'The Host,' by Stephenie Meyer
The "Harry Potter" series is not the only book teens have been reading. By the millions they've also flocked to novels by Stephenie Meyer, in which an alienated high school girl falls for the handsome brooding new kid, who happens to be -- a vampire.
The first three books of this series have been phenomenally successful, and a fourth will appear this summer.
In the meantime, Meyer has just published her first novel marketed for adults. It, too, mixes the mundane with the mythic.
"The Host" is set in some vague future, when the Earth (all of it, apparently) has been invaded by a species whose members call themselves "souls" ("parasites," the renegade bands of humans call them) that take over human bodies.
Existing apart from their host creatures as feathery silver ribbons, souls are inserted into the host body via a small slit in the back of the neck made by alien doctors called Healers.
Little, Brown ($25.99)
Seekers hunt down the remaining humans to serve as hosts for the kinder, gentler species. The souls retain the memories of the human hosts but take over the bodies, living out the human host's lifespan without the messy emotions and violent tendencies of humans. The result is a "Stepford" society of all peace and no passion.
The central character is a soul named Wanderer, renowned among her species for having lived on eight previous planets, as a spider, a bear, a dolphin.
Unlike other souls who have settled into one species on one planet, she seeks knowledge, growth and adventure, so she is chosen for insertion into a particularly resistant host named Melanie Stryder.
The problem for Wanderer, and the premise of the novel, is that Melanie's consciousness won't be obliterated. She hangs out in this jointly tenanted mind, having conversations with Wanderer, showing her memories and urging her own agenda.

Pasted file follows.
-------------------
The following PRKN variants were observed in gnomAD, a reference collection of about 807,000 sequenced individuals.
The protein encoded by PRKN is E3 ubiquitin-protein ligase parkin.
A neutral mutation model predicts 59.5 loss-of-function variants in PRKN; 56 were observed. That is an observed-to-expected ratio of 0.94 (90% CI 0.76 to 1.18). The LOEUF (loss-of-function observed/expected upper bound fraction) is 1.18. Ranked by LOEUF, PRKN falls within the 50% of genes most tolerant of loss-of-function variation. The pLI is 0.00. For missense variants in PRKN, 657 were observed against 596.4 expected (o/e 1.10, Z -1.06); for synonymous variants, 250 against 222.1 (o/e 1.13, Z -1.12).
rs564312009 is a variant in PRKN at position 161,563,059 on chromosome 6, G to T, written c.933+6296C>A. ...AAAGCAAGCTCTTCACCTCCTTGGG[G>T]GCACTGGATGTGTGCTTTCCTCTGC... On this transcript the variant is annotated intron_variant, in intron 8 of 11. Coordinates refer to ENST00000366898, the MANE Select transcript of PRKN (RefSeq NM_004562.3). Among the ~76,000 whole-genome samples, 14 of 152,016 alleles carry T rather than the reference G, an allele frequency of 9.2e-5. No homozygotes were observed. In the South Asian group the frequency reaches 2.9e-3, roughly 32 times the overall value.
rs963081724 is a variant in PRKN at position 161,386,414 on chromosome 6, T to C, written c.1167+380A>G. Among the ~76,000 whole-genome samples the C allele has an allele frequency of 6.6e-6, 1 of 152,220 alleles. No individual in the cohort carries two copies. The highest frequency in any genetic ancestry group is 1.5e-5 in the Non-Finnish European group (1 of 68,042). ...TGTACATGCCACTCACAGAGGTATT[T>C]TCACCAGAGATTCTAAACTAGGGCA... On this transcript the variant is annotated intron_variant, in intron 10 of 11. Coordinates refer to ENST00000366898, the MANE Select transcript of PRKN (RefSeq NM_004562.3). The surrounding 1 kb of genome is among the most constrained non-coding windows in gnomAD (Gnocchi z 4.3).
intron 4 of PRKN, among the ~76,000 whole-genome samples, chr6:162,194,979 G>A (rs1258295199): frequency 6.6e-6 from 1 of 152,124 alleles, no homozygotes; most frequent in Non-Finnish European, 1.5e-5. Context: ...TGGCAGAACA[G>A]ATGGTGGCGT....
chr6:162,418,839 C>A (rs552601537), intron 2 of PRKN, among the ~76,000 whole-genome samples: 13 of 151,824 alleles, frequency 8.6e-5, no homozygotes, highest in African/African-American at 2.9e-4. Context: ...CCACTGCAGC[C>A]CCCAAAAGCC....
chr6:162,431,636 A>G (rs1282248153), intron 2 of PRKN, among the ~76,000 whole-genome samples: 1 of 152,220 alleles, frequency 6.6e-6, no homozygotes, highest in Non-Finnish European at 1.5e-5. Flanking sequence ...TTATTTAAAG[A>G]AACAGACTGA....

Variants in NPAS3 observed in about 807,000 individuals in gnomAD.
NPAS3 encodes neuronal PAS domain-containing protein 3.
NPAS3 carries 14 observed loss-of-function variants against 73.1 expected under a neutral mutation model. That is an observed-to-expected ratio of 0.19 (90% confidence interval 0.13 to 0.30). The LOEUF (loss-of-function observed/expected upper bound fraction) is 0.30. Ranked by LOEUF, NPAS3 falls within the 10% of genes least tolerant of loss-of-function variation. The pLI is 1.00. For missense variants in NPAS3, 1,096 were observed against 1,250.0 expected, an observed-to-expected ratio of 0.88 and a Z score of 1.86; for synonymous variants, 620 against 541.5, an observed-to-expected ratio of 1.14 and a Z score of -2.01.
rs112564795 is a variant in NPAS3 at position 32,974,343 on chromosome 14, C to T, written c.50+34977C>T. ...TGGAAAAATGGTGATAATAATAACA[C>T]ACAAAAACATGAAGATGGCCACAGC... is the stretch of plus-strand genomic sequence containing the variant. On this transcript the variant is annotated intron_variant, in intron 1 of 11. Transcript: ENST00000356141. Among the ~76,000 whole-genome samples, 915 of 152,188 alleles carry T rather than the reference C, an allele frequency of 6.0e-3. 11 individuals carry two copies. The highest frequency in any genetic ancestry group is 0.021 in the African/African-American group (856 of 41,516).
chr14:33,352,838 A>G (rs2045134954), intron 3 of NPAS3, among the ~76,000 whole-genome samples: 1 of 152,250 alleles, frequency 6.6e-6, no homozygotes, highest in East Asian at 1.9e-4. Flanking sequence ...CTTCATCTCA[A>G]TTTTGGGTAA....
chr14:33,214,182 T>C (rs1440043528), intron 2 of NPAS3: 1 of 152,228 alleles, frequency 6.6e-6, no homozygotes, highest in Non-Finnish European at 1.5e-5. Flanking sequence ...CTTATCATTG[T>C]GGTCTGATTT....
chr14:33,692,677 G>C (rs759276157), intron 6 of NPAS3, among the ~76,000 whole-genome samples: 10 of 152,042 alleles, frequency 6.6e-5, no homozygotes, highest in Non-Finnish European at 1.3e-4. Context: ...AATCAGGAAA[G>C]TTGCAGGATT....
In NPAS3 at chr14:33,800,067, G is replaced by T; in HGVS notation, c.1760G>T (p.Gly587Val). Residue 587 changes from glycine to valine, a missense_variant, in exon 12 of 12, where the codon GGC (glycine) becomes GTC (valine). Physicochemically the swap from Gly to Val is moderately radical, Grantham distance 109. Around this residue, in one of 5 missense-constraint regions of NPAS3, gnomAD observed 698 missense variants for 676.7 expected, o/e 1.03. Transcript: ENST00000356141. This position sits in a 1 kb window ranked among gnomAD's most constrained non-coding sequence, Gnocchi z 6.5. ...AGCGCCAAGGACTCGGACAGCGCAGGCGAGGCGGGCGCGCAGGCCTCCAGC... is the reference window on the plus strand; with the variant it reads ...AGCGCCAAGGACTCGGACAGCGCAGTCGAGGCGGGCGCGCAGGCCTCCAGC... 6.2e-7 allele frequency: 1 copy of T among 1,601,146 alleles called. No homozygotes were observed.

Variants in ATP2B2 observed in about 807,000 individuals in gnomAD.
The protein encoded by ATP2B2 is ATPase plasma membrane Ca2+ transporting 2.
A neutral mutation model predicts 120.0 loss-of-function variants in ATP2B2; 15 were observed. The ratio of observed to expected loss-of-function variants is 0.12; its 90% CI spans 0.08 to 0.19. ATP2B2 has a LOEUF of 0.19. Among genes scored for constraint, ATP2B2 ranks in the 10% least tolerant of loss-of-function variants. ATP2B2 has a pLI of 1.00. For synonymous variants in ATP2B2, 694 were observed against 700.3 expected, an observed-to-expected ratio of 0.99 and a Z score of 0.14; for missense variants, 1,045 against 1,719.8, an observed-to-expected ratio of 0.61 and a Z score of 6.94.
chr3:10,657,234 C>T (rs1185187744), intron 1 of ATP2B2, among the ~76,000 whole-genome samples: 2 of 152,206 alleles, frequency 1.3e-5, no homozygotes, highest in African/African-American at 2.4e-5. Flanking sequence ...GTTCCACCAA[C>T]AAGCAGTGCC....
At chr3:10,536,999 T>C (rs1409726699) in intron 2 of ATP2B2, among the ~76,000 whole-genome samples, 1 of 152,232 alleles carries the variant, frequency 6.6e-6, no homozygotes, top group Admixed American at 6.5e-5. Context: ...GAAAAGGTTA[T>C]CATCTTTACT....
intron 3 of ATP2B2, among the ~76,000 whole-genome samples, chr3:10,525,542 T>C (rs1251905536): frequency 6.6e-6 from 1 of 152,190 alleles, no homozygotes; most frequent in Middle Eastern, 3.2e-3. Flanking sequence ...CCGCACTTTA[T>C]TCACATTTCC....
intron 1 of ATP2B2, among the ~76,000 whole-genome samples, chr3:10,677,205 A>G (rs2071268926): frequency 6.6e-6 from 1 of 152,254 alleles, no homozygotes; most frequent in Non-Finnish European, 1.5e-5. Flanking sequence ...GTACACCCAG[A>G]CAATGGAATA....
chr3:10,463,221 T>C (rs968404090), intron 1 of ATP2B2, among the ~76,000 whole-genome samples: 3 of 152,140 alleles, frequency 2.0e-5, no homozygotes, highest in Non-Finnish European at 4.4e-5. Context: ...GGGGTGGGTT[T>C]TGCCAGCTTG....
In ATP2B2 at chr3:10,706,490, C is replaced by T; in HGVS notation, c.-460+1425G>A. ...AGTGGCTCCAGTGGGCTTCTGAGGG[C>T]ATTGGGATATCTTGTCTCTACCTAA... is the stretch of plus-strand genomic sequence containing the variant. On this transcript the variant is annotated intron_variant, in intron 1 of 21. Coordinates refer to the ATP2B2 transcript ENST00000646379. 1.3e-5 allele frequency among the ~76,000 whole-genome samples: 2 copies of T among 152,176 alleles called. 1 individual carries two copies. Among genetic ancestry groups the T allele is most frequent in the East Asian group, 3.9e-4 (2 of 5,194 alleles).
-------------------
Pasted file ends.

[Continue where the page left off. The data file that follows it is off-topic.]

All of this is a brilliant and fascinating premise, and it raises a hundred different questions for the eager reader:
What year is this, and how long has this invasion been in process? How did this come to pass? Where do other host minds go? How do gentle souls manage contentious primary elections?
As a work of science fiction, "The Host" is a disappointment. Meyer's ultimately not interested in pursuing the technical implications of her central idea. The book is narrated by Wanderer, so the only things we learn are the things she thinks about, and she doesn't tell us much.
We barely know what Melanie looks like, let alone the new and improved Earth. The whole first part of the novel is underimagined and is bound to disappoint and frustrate readers with a real interest in her science-fiction premise.
Meyer is interested in the stranger world of relationships. Melanie keeps flashing images of a handsome man, Jared, and one night reveals a dream about her brother Jamie, both of them still human and on the run with Melanie when she was captured.
Rather than turning her information in to the Seeker patrols, Wanderer sets off through the Arizona desert, searching for these two men with the same intensity that Melanie has, finally discovering a hidden compound of renegade humans hiding in caves.
The story picks up at this point, as Meyer describes the ways this group of people have found to farm, feed, clothe, and govern themselves. It's "Survivor" crossed with "The Days of Our Lives."
Meyer is at her best when charting the developing ways the hostile, wary, curious humans respond to the alien in their midst. When the soul, now called Wanda, falls herself in love with Jared, and another man in the compound falls for Wanda, and not for Melanie's body, the result is a fascinating turn on the problem of mind and body.
What is it we love in another being -- body or soul? In this case, there aren't enough bodies to go around for two normal relationships.
But even here, Meyer doesn't push her premise too far. The love between the various parties remains passionately chaste, nothing that would shock her young adult fans.
This science fiction survivalist romance novel may not be rich enough to satisfy hardcore readers of any of these genres, but its mix of adventure and new love on a new Earth is just right to get lost in this summer.
First Published May 10, 2008 12:00 am